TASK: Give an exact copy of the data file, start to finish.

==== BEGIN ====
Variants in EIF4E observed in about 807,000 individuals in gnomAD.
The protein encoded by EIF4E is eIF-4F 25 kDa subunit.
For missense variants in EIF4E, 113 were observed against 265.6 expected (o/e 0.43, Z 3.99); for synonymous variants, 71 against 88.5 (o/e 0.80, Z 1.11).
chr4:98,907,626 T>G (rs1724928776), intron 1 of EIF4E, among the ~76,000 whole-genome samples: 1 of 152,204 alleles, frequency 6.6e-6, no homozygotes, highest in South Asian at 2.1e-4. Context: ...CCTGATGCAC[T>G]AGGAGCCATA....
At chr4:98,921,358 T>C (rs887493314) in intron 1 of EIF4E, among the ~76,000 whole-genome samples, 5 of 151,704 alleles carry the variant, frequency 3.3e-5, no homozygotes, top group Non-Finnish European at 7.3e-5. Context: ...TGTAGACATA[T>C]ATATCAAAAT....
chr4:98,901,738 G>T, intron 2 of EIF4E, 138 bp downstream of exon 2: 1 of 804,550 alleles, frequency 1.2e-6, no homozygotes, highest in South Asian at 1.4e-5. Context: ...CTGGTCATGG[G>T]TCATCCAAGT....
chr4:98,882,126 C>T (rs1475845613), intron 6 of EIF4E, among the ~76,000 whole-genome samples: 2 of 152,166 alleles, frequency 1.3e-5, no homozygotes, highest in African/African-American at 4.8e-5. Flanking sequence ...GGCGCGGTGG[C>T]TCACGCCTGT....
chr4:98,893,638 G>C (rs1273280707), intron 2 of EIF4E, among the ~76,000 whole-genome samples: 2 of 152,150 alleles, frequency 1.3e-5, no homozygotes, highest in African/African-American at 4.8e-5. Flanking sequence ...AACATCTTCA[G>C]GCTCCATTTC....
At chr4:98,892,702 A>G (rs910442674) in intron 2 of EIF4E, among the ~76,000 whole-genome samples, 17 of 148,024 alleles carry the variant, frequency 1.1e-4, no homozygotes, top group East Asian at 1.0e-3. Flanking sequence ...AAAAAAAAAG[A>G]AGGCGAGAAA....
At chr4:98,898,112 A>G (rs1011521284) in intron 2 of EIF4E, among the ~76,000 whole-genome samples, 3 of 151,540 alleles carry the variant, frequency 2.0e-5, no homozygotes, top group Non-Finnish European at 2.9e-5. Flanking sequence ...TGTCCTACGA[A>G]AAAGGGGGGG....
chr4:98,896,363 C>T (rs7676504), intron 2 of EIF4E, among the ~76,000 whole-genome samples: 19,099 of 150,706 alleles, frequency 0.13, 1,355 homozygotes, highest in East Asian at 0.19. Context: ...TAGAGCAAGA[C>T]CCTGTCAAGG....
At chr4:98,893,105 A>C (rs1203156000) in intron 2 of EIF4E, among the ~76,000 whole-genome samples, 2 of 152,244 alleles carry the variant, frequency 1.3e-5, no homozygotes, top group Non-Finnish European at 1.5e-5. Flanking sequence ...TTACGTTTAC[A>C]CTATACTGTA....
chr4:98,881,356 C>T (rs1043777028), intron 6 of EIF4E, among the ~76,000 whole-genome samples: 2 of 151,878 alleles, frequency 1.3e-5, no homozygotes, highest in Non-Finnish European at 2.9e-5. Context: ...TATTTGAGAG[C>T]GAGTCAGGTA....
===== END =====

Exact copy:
Variants in EIF4E observed in about 807,000 individuals in gnomAD.
The protein encoded by EIF4E is eIF-4F 25 kDa subunit.
For missense variants in EIF4E, 113 were observed against 265.6 expected (o/e 0.43, Z 3.99); for synonymous variants, 71 against 88.5 (o/e 0.80, Z 1.11).
chr4:98,907,626 T>G (rs1724928776), intron 1 of EIF4E, among the ~76,000 whole-genome samples: 1 of 152,204 alleles, frequency 6.6e-6, no homozygotes, highest in South Asian at 2.1e-4. Context: ...CCTGATGCAC[T>G]AGGAGCCATA....
At chr4:98,921,358 T>C (rs887493314) in intron 1 of EIF4E, among the ~76,000 whole-genome samples, 5 of 151,704 alleles carry the variant, frequency 3.3e-5, no homozygotes, top group Non-Finnish European at 7.3e-5. Context: ...TGTAGACATA[T>C]ATATCAAAAT....
chr4:98,901,738 G>T, intron 2 of EIF4E, 138 bp downstream of exon 2: 1 of 804,550 alleles, frequency 1.2e-6, no homozygotes, highest in South Asian at 1.4e-5. Context: ...CTGGTCATGG[G>T]TCATCCAAGT....
chr4:98,882,126 C>T (rs1475845613), intron 6 of EIF4E, among the ~76,000 whole-genome samples: 2 of 152,166 alleles, frequency 1.3e-5, no homozygotes, highest in African/African-American at 4.8e-5. Flanking sequence ...GGCGCGGTGG[C>T]TCACGCCTGT....
chr4:98,893,638 G>C (rs1273280707), intron 2 of EIF4E, among the ~76,000 whole-genome samples: 2 of 152,150 alleles, frequency 1.3e-5, no homozygotes, highest in African/African-American at 4.8e-5. Flanking sequence ...AACATCTTCA[G>C]GCTCCATTTC....
At chr4:98,892,702 A>G (rs910442674) in intron 2 of EIF4E, among the ~76,000 whole-genome samples, 17 of 148,024 alleles carry the variant, frequency 1.1e-4, no homozygotes, top group East Asian at 1.0e-3. Flanking sequence ...AAAAAAAAAG[A>G]AGGCGAGAAA....
At chr4:98,898,112 A>G (rs1011521284) in intron 2 of EIF4E, among the ~76,000 whole-genome samples, 3 of 151,540 alleles carry the variant, frequency 2.0e-5, no homozygotes, top group Non-Finnish European at 2.9e-5. Flanking sequence ...TGTCCTACGA[A>G]AAAGGGGGGG....
chr4:98,896,363 C>T (rs7676504), intron 2 of EIF4E, among the ~76,000 whole-genome samples: 19,099 of 150,706 alleles, frequency 0.13, 1,355 homozygotes, highest in East Asian at 0.19. Context: ...TAGAGCAAGA[C>T]CCTGTCAAGG....
At chr4:98,893,105 A>C (rs1203156000) in intron 2 of EIF4E, among the ~76,000 whole-genome samples, 2 of 152,244 alleles carry the variant, frequency 1.3e-5, no homozygotes, top group Non-Finnish European at 1.5e-5. Flanking sequence ...TTACGTTTAC[A>C]CTATACTGTA....
chr4:98,881,356 C>T (rs1043777028), intron 6 of EIF4E, among the ~76,000 whole-genome samples: 2 of 151,878 alleles, frequency 1.3e-5, no homozygotes, highest in Non-Finnish European at 2.9e-5. Context: ...TATTTGAGAG[C>T]GAGTCAGGTA....